The League of Extraordinary Gentlemen, Vol. 1 by Alan Moore is a graphic novel collectors’ issue from the first run of this popular series. A movie by the same title was made in 2003, however don’t let that turn you away from reading this wonderful rendition.
Campion Bond, Director of England’s Intelligence service – MI5, has recruited a team of inventors, scientists, spies and adventurers who are known for being able to get their job done no matter what. This team consists of Mina Murray from Bram Stoker’s Dracula; Allan Quatermain, protagonist of H. Rider Haggard’s series from the late 19th century; Captain Nemo of Jules Verne’s 20,000 Leagues Under the Sea; Henry Jekyll and Edward Hyde of the Scottish author Robert Louis Stevenson’s famed horror novel; as well as HG Well’s invisible man, Hawley Griffin.
The team is ordered to recover an anti-gravity compound, Cavorite – invented by physicist Mr. Cavor (from H.G. Wells’ The First Men in the Moon) — before the notorious Dr. Fu Manchu (introduced in a series by Sax Rohmer during the first half of the 20th century) can get his hands on it and attack London from the air.
The League of Extraordinary Gentlemen, Vol. 1 brings in a bunch of famous fictional characters, written by different authors, to a steampunk adventure that spans literature and imagination. The story serve as a wonderful introduction to the stories and authors of Victorian classics.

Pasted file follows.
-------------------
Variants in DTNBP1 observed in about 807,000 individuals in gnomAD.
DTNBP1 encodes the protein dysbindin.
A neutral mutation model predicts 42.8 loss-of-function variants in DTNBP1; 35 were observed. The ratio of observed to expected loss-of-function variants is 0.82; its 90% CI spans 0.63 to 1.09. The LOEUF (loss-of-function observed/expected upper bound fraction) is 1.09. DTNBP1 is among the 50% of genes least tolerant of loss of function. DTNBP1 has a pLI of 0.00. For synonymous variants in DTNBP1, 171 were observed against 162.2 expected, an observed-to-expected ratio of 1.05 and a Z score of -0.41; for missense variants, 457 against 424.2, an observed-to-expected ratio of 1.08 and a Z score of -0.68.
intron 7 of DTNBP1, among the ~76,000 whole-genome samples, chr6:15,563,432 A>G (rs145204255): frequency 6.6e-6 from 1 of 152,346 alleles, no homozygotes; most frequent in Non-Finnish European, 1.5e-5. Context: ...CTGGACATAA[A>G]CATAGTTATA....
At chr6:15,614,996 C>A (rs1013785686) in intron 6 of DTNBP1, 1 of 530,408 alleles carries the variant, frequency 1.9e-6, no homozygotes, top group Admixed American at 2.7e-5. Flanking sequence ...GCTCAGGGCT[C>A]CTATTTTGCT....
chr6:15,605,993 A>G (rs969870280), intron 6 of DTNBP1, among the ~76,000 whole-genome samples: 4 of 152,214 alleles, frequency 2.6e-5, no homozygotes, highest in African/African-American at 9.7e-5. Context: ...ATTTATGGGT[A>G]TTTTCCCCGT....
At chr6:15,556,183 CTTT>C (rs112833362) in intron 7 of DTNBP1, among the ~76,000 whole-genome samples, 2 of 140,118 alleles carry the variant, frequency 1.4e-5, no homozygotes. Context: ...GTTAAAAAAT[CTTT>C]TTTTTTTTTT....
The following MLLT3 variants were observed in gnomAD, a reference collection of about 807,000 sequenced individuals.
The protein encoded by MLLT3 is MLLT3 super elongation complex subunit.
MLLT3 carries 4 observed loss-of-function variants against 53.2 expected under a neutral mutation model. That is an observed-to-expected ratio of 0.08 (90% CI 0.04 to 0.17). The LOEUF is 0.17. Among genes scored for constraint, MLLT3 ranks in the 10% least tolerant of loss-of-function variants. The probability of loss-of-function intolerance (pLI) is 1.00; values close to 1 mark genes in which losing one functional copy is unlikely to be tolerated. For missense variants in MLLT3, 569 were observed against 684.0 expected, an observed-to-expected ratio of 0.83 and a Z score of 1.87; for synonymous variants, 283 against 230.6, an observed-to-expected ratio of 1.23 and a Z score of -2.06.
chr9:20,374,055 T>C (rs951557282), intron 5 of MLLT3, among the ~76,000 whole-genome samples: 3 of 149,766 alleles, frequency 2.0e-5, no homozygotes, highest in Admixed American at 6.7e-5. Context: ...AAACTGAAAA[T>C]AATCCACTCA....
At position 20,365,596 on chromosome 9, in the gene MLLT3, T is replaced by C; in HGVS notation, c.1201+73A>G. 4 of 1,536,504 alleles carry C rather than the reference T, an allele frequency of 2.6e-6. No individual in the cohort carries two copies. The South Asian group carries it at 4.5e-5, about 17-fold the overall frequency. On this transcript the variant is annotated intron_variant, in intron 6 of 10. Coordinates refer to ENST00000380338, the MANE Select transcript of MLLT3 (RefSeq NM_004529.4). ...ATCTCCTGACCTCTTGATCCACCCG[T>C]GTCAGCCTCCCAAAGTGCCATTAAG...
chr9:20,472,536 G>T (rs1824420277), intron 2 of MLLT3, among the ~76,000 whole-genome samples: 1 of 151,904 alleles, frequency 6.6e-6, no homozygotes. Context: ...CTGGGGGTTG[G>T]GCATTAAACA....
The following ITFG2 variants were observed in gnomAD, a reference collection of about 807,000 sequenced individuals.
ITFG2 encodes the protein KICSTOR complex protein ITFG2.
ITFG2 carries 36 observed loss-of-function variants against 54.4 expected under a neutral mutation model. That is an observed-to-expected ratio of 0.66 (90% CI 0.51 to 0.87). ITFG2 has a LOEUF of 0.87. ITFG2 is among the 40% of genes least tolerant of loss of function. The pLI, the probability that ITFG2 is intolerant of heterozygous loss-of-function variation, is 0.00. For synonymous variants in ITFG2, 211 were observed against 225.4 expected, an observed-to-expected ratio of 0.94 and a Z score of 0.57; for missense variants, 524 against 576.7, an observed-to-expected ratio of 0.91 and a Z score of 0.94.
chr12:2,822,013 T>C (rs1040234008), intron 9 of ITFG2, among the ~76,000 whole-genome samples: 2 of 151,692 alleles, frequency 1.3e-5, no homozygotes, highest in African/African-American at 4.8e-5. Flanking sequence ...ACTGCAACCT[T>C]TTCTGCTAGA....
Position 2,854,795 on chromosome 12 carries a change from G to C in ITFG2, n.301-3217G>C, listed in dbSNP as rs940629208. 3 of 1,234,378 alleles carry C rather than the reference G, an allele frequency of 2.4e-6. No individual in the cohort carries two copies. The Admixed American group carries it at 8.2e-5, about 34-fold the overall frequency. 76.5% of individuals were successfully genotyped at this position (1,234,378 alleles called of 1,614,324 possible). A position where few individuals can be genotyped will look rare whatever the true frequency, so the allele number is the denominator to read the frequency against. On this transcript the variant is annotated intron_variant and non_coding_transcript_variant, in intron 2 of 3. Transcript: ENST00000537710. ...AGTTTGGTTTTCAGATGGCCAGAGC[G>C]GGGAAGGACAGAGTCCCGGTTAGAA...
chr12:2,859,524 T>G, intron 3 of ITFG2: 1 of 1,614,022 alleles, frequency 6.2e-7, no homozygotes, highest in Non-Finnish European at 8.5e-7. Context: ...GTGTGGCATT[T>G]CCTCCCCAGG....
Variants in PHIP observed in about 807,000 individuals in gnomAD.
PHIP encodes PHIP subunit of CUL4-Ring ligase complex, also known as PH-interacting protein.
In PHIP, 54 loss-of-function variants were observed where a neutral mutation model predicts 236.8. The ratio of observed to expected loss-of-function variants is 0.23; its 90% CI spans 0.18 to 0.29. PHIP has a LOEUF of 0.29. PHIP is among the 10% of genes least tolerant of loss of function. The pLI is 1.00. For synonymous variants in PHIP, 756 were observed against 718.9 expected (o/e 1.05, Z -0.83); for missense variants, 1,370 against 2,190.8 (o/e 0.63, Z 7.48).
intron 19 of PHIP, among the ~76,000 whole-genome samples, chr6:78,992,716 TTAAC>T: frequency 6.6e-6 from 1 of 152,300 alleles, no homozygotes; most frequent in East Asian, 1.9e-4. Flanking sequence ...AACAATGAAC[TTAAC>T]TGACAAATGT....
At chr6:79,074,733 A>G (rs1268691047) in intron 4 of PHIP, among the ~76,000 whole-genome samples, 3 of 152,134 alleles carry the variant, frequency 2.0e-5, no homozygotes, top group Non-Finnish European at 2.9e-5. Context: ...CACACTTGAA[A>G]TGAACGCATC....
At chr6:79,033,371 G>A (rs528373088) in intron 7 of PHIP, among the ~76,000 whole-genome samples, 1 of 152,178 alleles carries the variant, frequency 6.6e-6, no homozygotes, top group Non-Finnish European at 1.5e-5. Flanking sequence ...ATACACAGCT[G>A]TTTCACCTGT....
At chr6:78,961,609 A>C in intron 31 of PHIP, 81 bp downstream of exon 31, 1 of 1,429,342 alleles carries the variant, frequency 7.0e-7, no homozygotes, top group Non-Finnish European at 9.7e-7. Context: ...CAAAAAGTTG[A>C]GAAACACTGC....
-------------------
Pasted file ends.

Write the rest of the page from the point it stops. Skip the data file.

The graphic novel is illustrated with skill and talent, every panel has an aim and is worthy of close examination. Every panel is aimed at the reader who, with some knowledge of the classics, can appreciate the humor and genius behind the lines and words.
The characters that Mr. Moore “borrowed” are full of life and relevant despite their Victorian origins. While the main cast (The League) gets the majority of the panels, there are many more literary characters hidden within the novel. Hunting for them was a major part of the fun in reading this work. The story, together with the art, can be read as a very complex novel which is probably the reason it was not done justice being translated to the big screen.
This graphic novel is full of violence, blood, death and sexual situations and innuendos. That is not a bad thing, but let the informed buyer beware. Kevin O’Neill’s magnificent art compliments and enhances Mr. Moore’s storytelling. The imaginative panels of Mr. O’Neill breathe life into old favorites, you will never read those same classics again in the same way.Powered by Sidelines